The National Golf Foundation’s annual report concluded something peculiar. The most first time golfers since 2002, but the overall number of golfers continued to drop. Conclusion? Golf needs to be more beginner-friendly. Golf as a whole needs to break away from tradition so they can bring in new fans and players who stick.
Tradition is a great thing, unless it gets in the way of innovation. Here are five ideas the PGA should adopt to grow the game.
Fans use smartphones relentlessly at sporting events around the country. Stadiums put fan tweets on jumbotrons and directly urge phone use. The PGA does the opposite. Only recently were mobile devices even allowed, fans can now have their phones if they’re on silent and if they do not take photos or videos. Calls can be made in designated “Cell Phone Zones”. The kicker is the egregious data use policy which allows fans to use data anywhere except for when a golfer is taking a swing – which is exactly when you want to take a video to share. There’s even a Mobile Device Policy Enforcement team dressed in neon bibs who monitor device usage.
The Fix: Universal use of smartphones may seem drastic, but it’s necessary to overcome what some publications have called, “The Death of Golf.” After all, the desires of people at sporting events are pretty simple.
By not allowing No.2 , golf is cutting off a huge sector of possible fans. People have multiple social networks and check them more than once a day, every golf tournament is missing out on free promotion by disallowing mobile use. This “behavioral code” is designed to allow players to focus. But these are the greatest golfers alive. If college basketball players can hit free throws when facing the “curtain of distraction” – shouldn’t Jordan Spieth be able to get up and down when facing flashes and clicks?
If fans having smartphones will make golf harder for the pros, even it out by giving the players a tech advantage. Smartphones and range finder devices are banned by the USGA for tour pros (not amateurs). Not integrating technology into the game is another distinct trait to golf. The NFL uses Microsoft Surface tablets on the sidelines. Every pitch, swing and hit in baseball is tracked in real time and analyzed.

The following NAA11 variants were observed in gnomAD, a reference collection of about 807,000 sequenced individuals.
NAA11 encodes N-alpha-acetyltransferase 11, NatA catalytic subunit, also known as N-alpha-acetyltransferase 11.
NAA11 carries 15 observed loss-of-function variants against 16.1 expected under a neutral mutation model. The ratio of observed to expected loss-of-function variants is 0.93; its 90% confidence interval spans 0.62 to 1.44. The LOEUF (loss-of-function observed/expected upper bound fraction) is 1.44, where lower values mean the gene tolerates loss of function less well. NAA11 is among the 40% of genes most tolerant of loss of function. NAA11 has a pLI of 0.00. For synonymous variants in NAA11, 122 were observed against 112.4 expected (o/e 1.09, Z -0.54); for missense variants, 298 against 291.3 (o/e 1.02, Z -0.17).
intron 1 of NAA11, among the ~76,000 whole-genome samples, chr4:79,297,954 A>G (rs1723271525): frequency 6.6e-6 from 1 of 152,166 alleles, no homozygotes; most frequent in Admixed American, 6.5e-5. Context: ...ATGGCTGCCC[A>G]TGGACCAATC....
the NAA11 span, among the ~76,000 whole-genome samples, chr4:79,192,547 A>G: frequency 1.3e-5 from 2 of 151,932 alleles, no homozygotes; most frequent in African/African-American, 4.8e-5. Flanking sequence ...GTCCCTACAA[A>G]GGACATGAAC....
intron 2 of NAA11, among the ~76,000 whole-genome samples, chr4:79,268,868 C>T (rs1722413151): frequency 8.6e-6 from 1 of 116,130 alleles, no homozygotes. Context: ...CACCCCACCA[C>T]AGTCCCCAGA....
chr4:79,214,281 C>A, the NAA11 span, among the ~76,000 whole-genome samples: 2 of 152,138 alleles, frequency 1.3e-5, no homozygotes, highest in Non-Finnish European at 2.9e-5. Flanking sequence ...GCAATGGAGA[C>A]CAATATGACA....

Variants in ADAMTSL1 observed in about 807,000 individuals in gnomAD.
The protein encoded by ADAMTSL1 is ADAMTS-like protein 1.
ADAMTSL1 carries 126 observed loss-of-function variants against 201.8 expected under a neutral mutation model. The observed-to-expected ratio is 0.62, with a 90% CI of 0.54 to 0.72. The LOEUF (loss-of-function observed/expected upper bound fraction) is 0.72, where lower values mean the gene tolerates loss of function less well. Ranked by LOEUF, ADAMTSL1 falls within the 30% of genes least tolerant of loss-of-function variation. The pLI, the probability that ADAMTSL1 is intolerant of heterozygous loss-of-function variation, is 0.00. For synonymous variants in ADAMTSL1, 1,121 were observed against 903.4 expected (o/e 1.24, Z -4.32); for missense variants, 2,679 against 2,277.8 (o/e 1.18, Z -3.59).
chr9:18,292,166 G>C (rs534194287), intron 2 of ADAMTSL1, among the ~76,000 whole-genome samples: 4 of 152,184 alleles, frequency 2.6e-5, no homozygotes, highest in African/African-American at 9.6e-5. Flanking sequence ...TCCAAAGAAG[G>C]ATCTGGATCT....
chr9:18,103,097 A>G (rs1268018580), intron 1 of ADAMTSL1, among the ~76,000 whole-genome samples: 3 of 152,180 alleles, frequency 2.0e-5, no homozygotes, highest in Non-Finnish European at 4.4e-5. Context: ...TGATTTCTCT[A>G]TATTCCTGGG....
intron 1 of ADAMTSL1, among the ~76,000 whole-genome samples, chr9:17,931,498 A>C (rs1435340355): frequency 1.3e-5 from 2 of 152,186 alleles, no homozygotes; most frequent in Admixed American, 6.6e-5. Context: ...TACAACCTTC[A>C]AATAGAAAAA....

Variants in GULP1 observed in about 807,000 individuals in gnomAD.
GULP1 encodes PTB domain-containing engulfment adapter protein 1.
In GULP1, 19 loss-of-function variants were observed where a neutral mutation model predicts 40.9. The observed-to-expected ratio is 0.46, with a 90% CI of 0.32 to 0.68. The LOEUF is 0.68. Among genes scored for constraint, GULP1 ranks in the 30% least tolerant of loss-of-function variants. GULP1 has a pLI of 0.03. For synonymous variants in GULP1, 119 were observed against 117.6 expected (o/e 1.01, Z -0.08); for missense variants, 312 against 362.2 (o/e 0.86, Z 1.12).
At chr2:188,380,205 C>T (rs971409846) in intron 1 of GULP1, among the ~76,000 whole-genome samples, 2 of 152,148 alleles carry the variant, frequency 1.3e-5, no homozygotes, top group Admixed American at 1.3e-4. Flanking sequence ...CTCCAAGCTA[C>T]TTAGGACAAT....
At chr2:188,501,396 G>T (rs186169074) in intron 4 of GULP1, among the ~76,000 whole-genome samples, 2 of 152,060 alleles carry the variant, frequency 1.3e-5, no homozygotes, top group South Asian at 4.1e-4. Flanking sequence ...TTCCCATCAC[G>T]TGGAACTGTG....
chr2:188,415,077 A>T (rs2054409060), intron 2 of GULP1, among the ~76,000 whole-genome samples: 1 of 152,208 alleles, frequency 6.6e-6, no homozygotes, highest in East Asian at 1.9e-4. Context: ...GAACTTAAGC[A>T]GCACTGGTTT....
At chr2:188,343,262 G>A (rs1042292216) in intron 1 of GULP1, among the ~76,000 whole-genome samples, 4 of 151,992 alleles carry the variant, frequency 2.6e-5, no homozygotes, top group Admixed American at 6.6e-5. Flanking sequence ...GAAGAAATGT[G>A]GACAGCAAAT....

The Fix: Not allowing range finders seems trivial when players get close distance approximations from their caddy. Improved calculations won’t cause record shattering scores, but it might speed up the game and cut a few strokes off everyone’s handicaps – both effects would be welcomed. Smartphones would also give golfers access to social media during play. Many players will leave the phones at home, but others already golf with smartphones. Two-time Masters champion Bubba Watson told Golf Digest he’s always on his phone when on the course, adding, “I’m always texting my friends and family, tweeting; it makes golf more fun.”
Social media is a huge factor in the marketing and fan experience of sports. In it’s defense, golf has begun to head in this direction. The PGA of America has outfitted signature courses like Whistling Straits with free Wi-Fi and the PGA Tour used Snapchat and Periscope at the Players Championship and the Phoenix Open. Now they need to take the next step.
The Fix: Golf should learn from the king of sports here, the NFL. As rookies are drafted, they’re ushered to an iPad station for a photo that’s instantly shared. Broadcasts encourage viewers to tweet about a certain topic or answer a poll. Also, sports radio shows run contests and giveaways where entries are submitted through social media. Who could forget the infamous, #GolicButtPhoto, created by Mike and Mike on ESPN. With the butt photo a magnificent exception, the PGA can easily replicate these social efforts.
Wearable innovations have been developed regardless of golf’s lag to adopt new technology. Here are just a few of the many devices out there.
Zepp Golf – This device connects to your wrist and serves as a personal swing coach, instantly determining metrics about club plane, hand plane, tempo and backswing.
FocusBand – This headband has three sensors that track brain activity. Golfers can use the information to improve their emotional level during high pressure situations.
The Fix: PGA pros are already using these devices. Zepp sponsors include Keegan Bradley and Michelle Wie, FocusBand has eight tour golfers using the device. Golf needs to get players wearing these devices even if it’s just practice rounds or special events. The shareable nature of the data would give fans insight about their favorite golfers.
Nearly 600,000 people attended the Coachella music festival this year during the six day event. Festivals are hugely popular with the younger demographic. Golf doesn’t need to hand Rory McIlroy turn tables, but they could spice up events so there is something for everyone. David Pillsbury, a PGA Tour president, already has this vision. He wants to appeal to fans who are not familiar with golf but are looking for food, fashion and a “sexy” event to attend.
The Fix: Other festival aspects can be replicated besides the music. Food trucks can be ushered in somewhere near the course grounds. Activities like yoga, cornhole or virtual golf simulators can be organized. Lastly, using drones to capture footage would provide a more personalized spectating experience. Drones were already used by Turner Sports to capture video of Whistling Straits last year.